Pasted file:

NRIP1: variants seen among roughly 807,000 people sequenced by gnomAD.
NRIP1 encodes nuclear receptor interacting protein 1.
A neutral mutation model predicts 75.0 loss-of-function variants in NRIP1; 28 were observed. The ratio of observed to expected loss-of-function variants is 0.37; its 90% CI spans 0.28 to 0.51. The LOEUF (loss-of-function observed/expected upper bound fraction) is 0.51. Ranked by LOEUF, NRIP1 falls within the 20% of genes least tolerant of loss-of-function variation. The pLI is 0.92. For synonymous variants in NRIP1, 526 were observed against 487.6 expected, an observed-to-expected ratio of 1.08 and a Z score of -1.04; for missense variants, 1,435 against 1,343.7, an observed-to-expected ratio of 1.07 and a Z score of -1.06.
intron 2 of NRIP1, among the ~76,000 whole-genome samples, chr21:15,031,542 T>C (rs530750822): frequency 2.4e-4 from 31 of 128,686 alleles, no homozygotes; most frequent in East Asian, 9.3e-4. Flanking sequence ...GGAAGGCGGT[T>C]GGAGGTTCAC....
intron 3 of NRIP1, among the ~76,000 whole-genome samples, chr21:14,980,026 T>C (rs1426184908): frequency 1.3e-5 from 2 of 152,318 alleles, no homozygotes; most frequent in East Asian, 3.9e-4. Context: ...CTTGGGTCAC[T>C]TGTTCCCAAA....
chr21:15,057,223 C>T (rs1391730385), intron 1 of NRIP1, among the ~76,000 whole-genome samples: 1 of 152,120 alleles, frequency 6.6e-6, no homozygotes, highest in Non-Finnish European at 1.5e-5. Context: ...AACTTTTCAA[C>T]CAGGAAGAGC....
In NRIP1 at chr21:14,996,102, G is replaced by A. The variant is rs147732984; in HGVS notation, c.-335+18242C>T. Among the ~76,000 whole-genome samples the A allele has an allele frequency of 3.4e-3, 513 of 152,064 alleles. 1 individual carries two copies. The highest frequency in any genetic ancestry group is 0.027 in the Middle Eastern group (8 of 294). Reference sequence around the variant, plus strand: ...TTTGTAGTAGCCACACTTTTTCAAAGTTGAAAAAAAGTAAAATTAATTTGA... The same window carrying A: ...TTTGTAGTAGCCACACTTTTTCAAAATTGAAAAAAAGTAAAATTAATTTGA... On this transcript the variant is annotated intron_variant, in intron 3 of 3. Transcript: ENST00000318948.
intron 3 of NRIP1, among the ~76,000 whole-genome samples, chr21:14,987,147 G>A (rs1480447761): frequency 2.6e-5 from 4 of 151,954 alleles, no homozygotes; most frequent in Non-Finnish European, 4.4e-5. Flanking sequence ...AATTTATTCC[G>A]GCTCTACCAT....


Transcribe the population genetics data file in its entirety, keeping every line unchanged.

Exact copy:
NRIP1: variants seen among roughly 807,000 people sequenced by gnomAD.
NRIP1 encodes nuclear receptor interacting protein 1.
A neutral mutation model predicts 75.0 loss-of-function variants in NRIP1; 28 were observed. The ratio of observed to expected loss-of-function variants is 0.37; its 90% CI spans 0.28 to 0.51. The LOEUF (loss-of-function observed/expected upper bound fraction) is 0.51. Ranked by LOEUF, NRIP1 falls within the 20% of genes least tolerant of loss-of-function variation. The pLI is 0.92. For synonymous variants in NRIP1, 526 were observed against 487.6 expected, an observed-to-expected ratio of 1.08 and a Z score of -1.04; for missense variants, 1,435 against 1,343.7, an observed-to-expected ratio of 1.07 and a Z score of -1.06.
intron 2 of NRIP1, among the ~76,000 whole-genome samples, chr21:15,031,542 T>C (rs530750822): frequency 2.4e-4 from 31 of 128,686 alleles, no homozygotes; most frequent in East Asian, 9.3e-4. Flanking sequence ...GGAAGGCGGT[T>C]GGAGGTTCAC....
intron 3 of NRIP1, among the ~76,000 whole-genome samples, chr21:14,980,026 T>C (rs1426184908): frequency 1.3e-5 from 2 of 152,318 alleles, no homozygotes; most frequent in East Asian, 3.9e-4. Context: ...CTTGGGTCAC[T>C]TGTTCCCAAA....
chr21:15,057,223 C>T (rs1391730385), intron 1 of NRIP1, among the ~76,000 whole-genome samples: 1 of 152,120 alleles, frequency 6.6e-6, no homozygotes, highest in Non-Finnish European at 1.5e-5. Context: ...AACTTTTCAA[C>T]CAGGAAGAGC....
In NRIP1 at chr21:14,996,102, G is replaced by A. The variant is rs147732984; in HGVS notation, c.-335+18242C>T. Among the ~76,000 whole-genome samples the A allele has an allele frequency of 3.4e-3, 513 of 152,064 alleles. 1 individual carries two copies. The highest frequency in any genetic ancestry group is 0.027 in the Middle Eastern group (8 of 294). Reference sequence around the variant, plus strand: ...TTTGTAGTAGCCACACTTTTTCAAAGTTGAAAAAAAGTAAAATTAATTTGA... The same window carrying A: ...TTTGTAGTAGCCACACTTTTTCAAAATTGAAAAAAAGTAAAATTAATTTGA... On this transcript the variant is annotated intron_variant, in intron 3 of 3. Transcript: ENST00000318948.
intron 3 of NRIP1, among the ~76,000 whole-genome samples, chr21:14,987,147 G>A (rs1480447761): frequency 2.6e-5 from 4 of 151,954 alleles, no homozygotes; most frequent in Non-Finnish European, 4.4e-5. Flanking sequence ...AATTTATTCC[G>A]GCTCTACCAT....